The Sri Lankan legend spoke about his decision to retire from ODI cricket, the importance of the IPL and the unique challenges of the T10 format.
By Saj Sadiq (23rd January, 2020)
The latest edition of the T10 League held in Abu Dhabi last November ended with a strong Maratha Arabians side lifting the title after a ten-day tournament that featured some of the top names of international cricket. Amongst those competing in cricket’s shortest format was the evergreen and easily recognisable, Lasith Malinga. The popular pace-bowler was one of the key performers for the eventual T10 champions, as he once again showed the fruits of his vast amount of experience which has seen him amass 335 international appearances since his debut for his country in July 2004.
Given that Malinga has been regarded as one the world’s top fast-bowlers in Limited-overs cricket for many years, it would stand to reason that he would have found it easy to perform in the T10 format, but as he explained, this version of the game presented its own unique challenges to him. “When I first started playing 50-over cricket, I thought that was a difficult format and then when Twenty20 cricket came around, I felt that it was an even tougher version of the game to bowl in. But now, after having played in my first T10 tournament, I can tell you that this is even harder than the other formats, simply because the batsmen want to hit every single ball you bowl at them out the ground and have no care for the reputation of the bowler and they just play fearlessly. But, I believe those who are good in the challenging T10 format can become excellent and intelligent cricketers in other formats of the game also, as playing in the 10-over format will greatly improve their skills and mental toughness” he suggested.
The name Malinga has always been synonymous with his mop of curly hair, superb yorkers, a unique and eye-catching bowling action and unerring accuracy, and his retirement from the 50-over format in July 2019 was probably greeted with relief by many batsmen and their cricketing footwear around the globe. For Malinga though, the decision to retire from ODIs was one that he had carefully planned and thought about for a few years and it was a decision that he believes will extend his playing career further.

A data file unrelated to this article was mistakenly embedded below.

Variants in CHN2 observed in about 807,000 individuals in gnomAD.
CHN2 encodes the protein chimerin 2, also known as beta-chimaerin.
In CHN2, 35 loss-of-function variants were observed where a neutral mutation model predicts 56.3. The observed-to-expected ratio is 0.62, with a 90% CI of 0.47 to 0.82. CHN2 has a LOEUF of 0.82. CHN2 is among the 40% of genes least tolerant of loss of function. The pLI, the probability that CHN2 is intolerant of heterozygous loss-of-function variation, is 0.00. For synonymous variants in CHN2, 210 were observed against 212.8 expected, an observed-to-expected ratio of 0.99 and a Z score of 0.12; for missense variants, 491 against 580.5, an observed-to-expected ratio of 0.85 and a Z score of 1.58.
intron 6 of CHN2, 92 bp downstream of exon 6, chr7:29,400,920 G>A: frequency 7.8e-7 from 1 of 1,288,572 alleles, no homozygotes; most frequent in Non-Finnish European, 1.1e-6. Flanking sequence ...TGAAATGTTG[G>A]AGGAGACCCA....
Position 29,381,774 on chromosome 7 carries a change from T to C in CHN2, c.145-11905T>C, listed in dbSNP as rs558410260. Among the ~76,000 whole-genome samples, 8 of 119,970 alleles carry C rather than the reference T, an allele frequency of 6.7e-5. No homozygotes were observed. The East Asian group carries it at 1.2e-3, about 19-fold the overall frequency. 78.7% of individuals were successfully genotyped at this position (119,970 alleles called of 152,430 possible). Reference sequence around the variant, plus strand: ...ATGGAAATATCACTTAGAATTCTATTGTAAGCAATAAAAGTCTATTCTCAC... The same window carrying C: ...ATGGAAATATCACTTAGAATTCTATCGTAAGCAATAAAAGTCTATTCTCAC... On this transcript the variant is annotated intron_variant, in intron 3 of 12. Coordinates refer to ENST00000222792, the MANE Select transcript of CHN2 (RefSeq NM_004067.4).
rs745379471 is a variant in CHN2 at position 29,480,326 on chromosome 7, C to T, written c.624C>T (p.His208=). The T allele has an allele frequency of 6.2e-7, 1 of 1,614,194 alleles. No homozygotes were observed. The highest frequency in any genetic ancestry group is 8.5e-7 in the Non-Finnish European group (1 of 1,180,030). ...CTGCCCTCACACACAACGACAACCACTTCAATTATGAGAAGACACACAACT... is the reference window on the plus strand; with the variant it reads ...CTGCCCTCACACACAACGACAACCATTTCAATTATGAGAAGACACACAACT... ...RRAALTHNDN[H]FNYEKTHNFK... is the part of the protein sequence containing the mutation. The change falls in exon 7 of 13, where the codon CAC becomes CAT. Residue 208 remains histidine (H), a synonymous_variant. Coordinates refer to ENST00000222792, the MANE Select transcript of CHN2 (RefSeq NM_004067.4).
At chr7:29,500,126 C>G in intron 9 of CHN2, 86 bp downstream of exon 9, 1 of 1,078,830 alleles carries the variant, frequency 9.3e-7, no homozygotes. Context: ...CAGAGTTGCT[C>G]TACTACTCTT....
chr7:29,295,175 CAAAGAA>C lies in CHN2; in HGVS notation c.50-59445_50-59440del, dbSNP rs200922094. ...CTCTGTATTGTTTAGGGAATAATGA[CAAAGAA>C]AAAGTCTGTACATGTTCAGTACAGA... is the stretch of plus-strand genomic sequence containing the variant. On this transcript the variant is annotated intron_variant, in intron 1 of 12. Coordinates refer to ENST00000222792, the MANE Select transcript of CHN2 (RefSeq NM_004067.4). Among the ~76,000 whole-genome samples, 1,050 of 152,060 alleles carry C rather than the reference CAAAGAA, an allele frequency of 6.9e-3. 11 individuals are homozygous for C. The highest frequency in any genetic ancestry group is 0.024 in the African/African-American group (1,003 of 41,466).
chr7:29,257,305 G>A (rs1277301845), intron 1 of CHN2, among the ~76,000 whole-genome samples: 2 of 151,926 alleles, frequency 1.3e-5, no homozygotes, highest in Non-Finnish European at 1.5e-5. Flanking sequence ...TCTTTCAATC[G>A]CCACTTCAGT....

“Even when I retired from Test cricket in 2011, I took that decision without any regret and it was taken with a lot of thought. I felt it was the correct decision and taken for the right reasons as I was having problems with a recurring knee injury. At that time, I had good support for my decision from the likes of Muttiah Muralitharan, Kumar Sangakkara and Mahela Jayawardene who told me that by retiring from Test cricket, at least I would be able to play ODIs and T20Is for a few more years and serve my country in those formats, rather than playing more Test cricket and then having to retire completely from every format. But then finally, at the conclusion of the 2019 World Cup, I decided to announce that I will retire from ODI cricket after the 1st ODI versus Bangladesh in July. It’s never easy to want to stop playing in any format for your country, but I felt that this was the right time and my body was telling me that it could no longer handle the pressure and strains of 50-over cricket.”
The Limited-overs tour of Pakistan last year by an inexperienced Sri Lankan squad concluded in an embarrassing 3-0 loss in the T20I series for the hosts which to an experienced campaigner like Lasith Malinga underscores the irrelevance of ICC rankings in the Twenty20 format as he explained, “I was very pleased about the result of the T20I series we played in Pakistan where we whitewashed the ICC’s number 1 ranked team by a 3-0 margin. I feel that our young players played well but we have to remember that in T20Is, the ICC rankings are just a number and nothing more as any team can beat the other on any given day, regardless of their respective rankings. And this was proven again when Sri Lanka who beat Pakistan so easily went to Australia and duly lost all three games!”
Of course the tour by Sri Lanka's limited-overs squads was an important event in itself but efforts to restore full international tours to Pakistan received a further boost when the Sri Lankan Test side visited the country for a 2-match Test series in December. Like most cricket-lovers, Malinga was pleased that such steps were taken and duly praised his countrymen for taking this decision to tour Pakistan.